PNHP methodology follows that of Natural Heritage Network and NatureServe.
This international network links programs in all 50 states, 6 Canadian
Provinces, and 12 countries in Latin America and the Caribbean. Standard
data collection and transcription procedures are used through the network.
Use of consistent methodology presents an opportunity to assess the status
of a given species or natural community over a broad geographic area across
any number of political boundaries. Conservation strategies can then be
developed at the local, state, or national level or may target an ecological
Species records and associated locational information are initially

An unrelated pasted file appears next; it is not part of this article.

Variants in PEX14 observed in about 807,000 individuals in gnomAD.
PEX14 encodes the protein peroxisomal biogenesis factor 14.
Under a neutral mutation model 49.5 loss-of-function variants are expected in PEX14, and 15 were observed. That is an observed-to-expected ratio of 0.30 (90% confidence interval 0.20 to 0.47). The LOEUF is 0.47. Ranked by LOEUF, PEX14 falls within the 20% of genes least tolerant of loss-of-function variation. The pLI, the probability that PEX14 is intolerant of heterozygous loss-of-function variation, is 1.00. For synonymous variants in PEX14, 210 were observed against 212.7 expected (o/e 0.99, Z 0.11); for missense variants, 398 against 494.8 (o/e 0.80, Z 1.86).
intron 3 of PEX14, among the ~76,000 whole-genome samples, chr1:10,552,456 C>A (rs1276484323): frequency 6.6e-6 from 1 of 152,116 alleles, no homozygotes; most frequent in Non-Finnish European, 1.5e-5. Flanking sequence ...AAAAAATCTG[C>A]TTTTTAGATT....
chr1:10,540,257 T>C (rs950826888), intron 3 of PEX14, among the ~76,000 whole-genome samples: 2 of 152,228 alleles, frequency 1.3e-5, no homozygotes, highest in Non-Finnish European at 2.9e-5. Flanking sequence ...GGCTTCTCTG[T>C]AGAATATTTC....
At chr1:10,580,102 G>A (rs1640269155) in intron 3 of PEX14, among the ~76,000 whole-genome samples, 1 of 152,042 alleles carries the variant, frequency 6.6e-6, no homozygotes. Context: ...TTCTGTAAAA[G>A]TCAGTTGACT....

gathered from plant and animal specimens maintained in museums, universities,
and personal collections. These data are supplemented by research, publications
, and communication with knowledgeable individuals. Intensive field surveys are
conducted to verify historically known plant and animal sites and to search for
previously undocumented locations. Natural communities can be located through
species records or a variety of other sources including air photos, soil
surveys, and geologic maps. Field surveys are then conducted to identify
component species and gather ecological data. Through this science-driven
inventory, vital ecological resources, and sites rich in natural diversity
are identified and monitored for future conservation efforts.
PNHP works with the academic community to validate information and ensure
that the highest possible standards are maintained with regard to accuracy of
data. We rely upon the Pennsylvania Biological Survey for proposed status
ranks. The PBS and others also assist the program by providing review of data